By Dean Nelson in New Delhi
Published: 5:53PM BST 07 Aug 2009
The ruling, by one of the country's senior judges, has provoked a wave of anxiety throughout India's secular establishment which has until now been content to let its 150 million Muslims live according to its own system of "personal law".
While bigamy has also been practiced by Hindus, it is more common among Muslims who believed they are justified in taking upto four wives.
The practice has been widely criticised in a number of court judgments as "cruel", while one judge said there was no difference between a "second wife and a concubine". Justice A.R Lakshmanan, the law commission chairman, and two other panelists, said: "Traditional understanding of Muslim law on bigamy is gravely faulty and conflicts with true Islamic law in letter and spirit."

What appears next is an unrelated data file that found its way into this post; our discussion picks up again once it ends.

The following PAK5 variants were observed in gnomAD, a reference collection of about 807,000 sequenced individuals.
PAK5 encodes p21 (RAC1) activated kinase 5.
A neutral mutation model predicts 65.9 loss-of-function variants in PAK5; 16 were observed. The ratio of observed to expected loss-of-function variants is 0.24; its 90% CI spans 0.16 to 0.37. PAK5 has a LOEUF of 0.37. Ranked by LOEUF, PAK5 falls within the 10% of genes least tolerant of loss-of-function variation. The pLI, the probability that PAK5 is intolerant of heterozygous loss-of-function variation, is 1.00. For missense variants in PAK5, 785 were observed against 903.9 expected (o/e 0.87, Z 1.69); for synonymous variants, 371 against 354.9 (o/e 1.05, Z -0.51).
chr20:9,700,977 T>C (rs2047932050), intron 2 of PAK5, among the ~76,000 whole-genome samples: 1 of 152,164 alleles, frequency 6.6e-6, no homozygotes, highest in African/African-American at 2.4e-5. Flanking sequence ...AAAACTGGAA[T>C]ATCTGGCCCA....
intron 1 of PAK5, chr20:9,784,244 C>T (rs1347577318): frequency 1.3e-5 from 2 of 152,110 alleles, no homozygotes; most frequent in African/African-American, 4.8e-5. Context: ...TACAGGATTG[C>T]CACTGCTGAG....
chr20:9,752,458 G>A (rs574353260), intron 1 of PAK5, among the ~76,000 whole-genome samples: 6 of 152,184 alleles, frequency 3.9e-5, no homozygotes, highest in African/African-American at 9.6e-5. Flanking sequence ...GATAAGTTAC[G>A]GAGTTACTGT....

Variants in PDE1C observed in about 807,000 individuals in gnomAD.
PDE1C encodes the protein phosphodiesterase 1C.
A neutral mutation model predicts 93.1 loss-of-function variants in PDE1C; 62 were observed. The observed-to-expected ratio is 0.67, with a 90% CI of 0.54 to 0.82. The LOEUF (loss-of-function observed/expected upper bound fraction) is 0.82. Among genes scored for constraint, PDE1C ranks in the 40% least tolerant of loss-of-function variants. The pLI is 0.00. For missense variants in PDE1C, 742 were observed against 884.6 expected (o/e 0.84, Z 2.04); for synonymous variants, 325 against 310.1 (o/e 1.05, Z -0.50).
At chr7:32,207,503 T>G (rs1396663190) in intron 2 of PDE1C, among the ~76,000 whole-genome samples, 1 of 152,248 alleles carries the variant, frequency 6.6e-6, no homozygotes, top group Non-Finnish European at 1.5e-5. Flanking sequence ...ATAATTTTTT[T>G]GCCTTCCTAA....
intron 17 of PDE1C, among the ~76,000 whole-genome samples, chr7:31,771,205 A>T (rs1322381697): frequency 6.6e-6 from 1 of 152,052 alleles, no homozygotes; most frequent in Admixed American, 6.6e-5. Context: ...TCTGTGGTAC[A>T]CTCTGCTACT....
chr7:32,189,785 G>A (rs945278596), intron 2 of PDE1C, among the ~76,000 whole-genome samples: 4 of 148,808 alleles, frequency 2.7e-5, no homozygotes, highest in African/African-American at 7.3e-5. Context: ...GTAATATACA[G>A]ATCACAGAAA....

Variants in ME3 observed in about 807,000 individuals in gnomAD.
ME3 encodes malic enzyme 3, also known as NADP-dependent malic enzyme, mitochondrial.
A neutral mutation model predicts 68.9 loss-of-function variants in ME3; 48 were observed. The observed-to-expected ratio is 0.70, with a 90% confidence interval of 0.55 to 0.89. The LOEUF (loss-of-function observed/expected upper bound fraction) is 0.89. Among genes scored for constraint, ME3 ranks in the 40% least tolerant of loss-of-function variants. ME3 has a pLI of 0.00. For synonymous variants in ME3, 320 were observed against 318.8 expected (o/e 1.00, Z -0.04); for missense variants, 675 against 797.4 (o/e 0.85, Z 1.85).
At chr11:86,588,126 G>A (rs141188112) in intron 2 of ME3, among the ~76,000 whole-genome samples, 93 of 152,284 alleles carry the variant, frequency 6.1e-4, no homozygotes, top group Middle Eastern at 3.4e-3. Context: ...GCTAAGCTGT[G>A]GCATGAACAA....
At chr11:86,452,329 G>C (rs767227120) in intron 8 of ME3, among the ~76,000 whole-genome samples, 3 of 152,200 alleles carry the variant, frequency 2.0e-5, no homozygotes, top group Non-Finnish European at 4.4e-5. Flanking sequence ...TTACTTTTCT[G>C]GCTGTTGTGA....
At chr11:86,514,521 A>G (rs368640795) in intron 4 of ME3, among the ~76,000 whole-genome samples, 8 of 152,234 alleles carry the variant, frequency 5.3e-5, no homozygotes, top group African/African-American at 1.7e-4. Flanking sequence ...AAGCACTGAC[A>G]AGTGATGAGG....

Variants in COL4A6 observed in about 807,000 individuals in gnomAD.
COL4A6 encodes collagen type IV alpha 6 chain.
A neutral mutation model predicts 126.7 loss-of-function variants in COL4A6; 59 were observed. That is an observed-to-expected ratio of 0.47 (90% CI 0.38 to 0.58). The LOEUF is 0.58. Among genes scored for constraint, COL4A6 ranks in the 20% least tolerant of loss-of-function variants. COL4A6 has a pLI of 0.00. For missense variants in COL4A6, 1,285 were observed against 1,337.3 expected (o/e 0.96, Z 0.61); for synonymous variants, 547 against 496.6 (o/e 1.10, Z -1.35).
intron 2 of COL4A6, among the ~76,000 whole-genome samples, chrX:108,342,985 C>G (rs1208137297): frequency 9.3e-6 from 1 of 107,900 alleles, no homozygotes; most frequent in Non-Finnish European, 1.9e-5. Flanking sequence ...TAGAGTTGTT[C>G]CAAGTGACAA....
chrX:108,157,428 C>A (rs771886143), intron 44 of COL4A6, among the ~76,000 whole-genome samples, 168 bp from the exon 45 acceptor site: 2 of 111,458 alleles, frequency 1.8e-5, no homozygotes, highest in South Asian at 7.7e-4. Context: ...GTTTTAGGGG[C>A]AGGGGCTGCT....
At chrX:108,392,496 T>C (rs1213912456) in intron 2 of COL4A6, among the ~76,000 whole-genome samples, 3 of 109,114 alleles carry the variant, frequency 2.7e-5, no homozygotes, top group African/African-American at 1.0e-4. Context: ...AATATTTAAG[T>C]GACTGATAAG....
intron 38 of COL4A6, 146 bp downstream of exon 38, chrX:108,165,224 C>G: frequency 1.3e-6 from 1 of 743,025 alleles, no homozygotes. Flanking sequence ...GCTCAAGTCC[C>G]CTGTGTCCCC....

"It is generally believed that under Muslim law, a husband has an unfettered right to marry again even where his earlier marriage is continuing. "On a closer examination of the relevant provisions of the Koran and other sources of Islamic law, this does not seem to be true," the report said.
They said they had submitted their report to the government but stopped short of recommending legal reform because they feared it would cause an "unhealthy controversy" among religious leaders who opposed change.
Their concerns were born out by Muslim scholars, who said Islam provided for polygamy on the condition that the man is able to care for each wife financially and honour her physically. "Polygamy is not mandatory in Islam but there is a provision for taking more than one wife. This provision is bound by pre-conditions that the man has to do justice to all his legal wives both physically as well as economically," said Professor Akhtarul Wasey, Head of Islamic Studies at Delhi's Jamia Millia Islamia University.